Environmental planning company succeeds by diversifying.
For 20 years, Airdrie-based Rangeland Conservation Service Ltd. has helped oil and gas companies, municipalities and others keep track of the ever-changing world of environmental policies and regulations.
And, despite the economic downturn, the company is as busy as ever.
“Rangeland is an environmental and geotechnical planning company,” explains Jon Boyle, principal and senior environmental planner, who with his wife, Kristen, launched Rangeland in 1996. “When a client comes to us with a project, we determine what the regulatory needs are, and we do the appropriate required environmental surveys, we prepare environmental plans, documents and regulatory applications, and we take it to the construction phase and provide assistance and support with putting things together.”
Boyle’s team has grown to cover fisheries biology, rangeland ecology, botanical and wetland specialties, environmental inspections, geotechnical engineering – all with the goal of helping companies build and maintain projects with minimal environmental impact. What few services aren’t available in-house, such as archeology, are sub-consulted out.
For example, Boyle says, if an oil and gas company is planning to build a pipeline that passes over a water course, Rangeland will examine whether a planned method for the crossing is feasible, and suggest alternatives if it’s not.
“There’s a lot more [environmental] awareness,” he says. “A lot more companies want to do not only what is required of them to do from the regulations, but also be good environmental stewards and corporate citizens; to do what’s right.”
Besides O&G, Rangeland also works with municipalities in environmental planning. This is something that has evolved over time, says Boyle. “Now we have an entire division developing environmental plans for these groups,” he says. “We’ve worked with the City of Airdrie on greenspace inventory of what there is from a plant community perspective … [and] we’ve done numerous bioengineering projects for the City of Calgary on flood mitigation, [as well as] green-rooftop projects.”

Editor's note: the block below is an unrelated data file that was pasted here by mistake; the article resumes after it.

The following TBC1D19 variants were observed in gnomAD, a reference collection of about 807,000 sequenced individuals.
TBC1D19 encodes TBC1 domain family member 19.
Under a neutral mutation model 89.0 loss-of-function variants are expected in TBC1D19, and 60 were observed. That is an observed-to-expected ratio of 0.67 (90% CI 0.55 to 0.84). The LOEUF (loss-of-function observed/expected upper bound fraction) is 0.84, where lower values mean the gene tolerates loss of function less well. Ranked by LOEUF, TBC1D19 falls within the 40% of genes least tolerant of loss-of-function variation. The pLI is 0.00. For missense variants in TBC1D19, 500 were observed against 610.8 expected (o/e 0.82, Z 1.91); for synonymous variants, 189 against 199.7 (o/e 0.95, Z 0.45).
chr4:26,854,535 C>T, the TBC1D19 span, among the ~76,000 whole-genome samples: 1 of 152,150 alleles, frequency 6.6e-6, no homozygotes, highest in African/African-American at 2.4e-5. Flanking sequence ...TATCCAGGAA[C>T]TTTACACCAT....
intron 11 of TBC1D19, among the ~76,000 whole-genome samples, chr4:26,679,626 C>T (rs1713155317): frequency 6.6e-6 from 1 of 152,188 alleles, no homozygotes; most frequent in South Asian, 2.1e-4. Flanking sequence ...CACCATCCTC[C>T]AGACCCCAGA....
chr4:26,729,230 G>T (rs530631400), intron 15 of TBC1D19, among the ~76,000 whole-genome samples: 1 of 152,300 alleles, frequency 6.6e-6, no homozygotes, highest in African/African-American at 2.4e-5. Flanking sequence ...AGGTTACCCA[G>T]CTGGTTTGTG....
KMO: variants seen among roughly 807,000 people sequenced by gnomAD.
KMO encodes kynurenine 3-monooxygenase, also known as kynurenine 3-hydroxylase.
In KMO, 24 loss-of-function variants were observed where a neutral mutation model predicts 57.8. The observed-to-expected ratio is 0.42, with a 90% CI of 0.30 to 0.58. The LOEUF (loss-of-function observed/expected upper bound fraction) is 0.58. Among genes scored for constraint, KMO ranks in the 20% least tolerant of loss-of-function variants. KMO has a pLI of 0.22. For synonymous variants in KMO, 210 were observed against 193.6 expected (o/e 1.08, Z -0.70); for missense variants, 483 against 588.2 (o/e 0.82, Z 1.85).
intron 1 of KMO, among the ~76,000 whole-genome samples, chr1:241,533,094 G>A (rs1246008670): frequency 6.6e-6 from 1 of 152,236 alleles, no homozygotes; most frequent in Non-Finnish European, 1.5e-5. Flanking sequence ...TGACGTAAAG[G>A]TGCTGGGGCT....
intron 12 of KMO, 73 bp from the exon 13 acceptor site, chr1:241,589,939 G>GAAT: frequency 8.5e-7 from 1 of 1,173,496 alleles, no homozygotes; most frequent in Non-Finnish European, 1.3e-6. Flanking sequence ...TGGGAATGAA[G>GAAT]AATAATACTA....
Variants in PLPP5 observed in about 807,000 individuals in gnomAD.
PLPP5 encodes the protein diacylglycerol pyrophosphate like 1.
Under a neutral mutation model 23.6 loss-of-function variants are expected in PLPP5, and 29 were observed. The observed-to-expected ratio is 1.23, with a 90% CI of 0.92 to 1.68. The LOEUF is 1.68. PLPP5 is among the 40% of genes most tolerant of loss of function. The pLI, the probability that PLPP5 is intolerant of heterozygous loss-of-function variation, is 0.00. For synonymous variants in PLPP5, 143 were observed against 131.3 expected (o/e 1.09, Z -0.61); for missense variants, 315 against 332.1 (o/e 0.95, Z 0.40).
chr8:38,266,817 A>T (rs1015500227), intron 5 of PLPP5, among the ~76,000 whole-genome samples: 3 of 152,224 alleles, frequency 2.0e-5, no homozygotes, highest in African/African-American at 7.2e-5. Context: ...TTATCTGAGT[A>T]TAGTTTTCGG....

Although the economy is in a downturn, oil and gas companies are still turning to Rangeland for environmental studies as part of maintaining existing infrastructure. For example, Boyle says, a client recently discovered that an existing pipeline crossing a river was not deep enough, so Rangeland did surveys and regulatory work on the best way to build a new pipeline and remove the old one.
“And there are still new things going on,” Boyle adds. “From a planning perspective, there are huge advantages to [oil and gas] hiring companies like us to do environmental planning, scouting new projects, siting new well sites … get that done now while commodity prices are lower, so when things turn around they’ll be 10 steps ahead. Instead of trying to find people when it’s very busy, they’ll be ready to rock and roll.”
Although Rangeland offers its services across Alberta and into Manitoba, Saskatchewan and B.C., Boyle is content to keep it based here in Airdrie.
“Twenty-two years ago, when we were getting after Rangeland, my wife and I were looking for a family community to live in,” he says. “We’re both small-town people and we focused on Airdrie because it was the best fit for our personal lives. We’re a relatively young company, both in terms of our firm and our staff, and a number of [staff members] were also attracted to Airdrie.”
Being in Airdrie allows Rangeland to promote a life-work balance for its employees. For example, Boyle says, they get discounted memberships at Genesis Place.
“We try to promote that, yes, work is important, but we also try to stress that the individuals who work for us are also important,” he says.
Rangeland also supports the local economy as much as possible. “I believe in having all our own equipment here, so we have to maintain that equipment,” says Boyle. “We buy our trucks locally, we maintain our trucks locally, we purchase our ATVs locally … and now probably at least half our staff has moved from Calgary [to Airdrie]. I can’t think of a better place to have a firm.
“And the advantage of being a small-town company, we’re competing with larger firms in Calgary, but we don’t necessarily have the overhead those firms downtown have,” he adds. “We have grassroots folks who are professionals, but we have a very competitive price. We’re always looking at ways to make our work more efficient and come in faster, but still maintain excellent quality at a reasonable price that you may not see in a 1,600-person company.”
Boyle gives a lot of credit for Rangeland’s success to Kristen, who is also the company’s administrator and safety co-ordinator.
“She and I have two wonderful children, ages 13 and 18, and I give her huge support in having a lead role with the company, and helping me keep track with the business,” he says.
WATCH THE AIRDRIENOW VIDEO to learn more about Rangeland Conservation Service Ltd. at airdrielife.com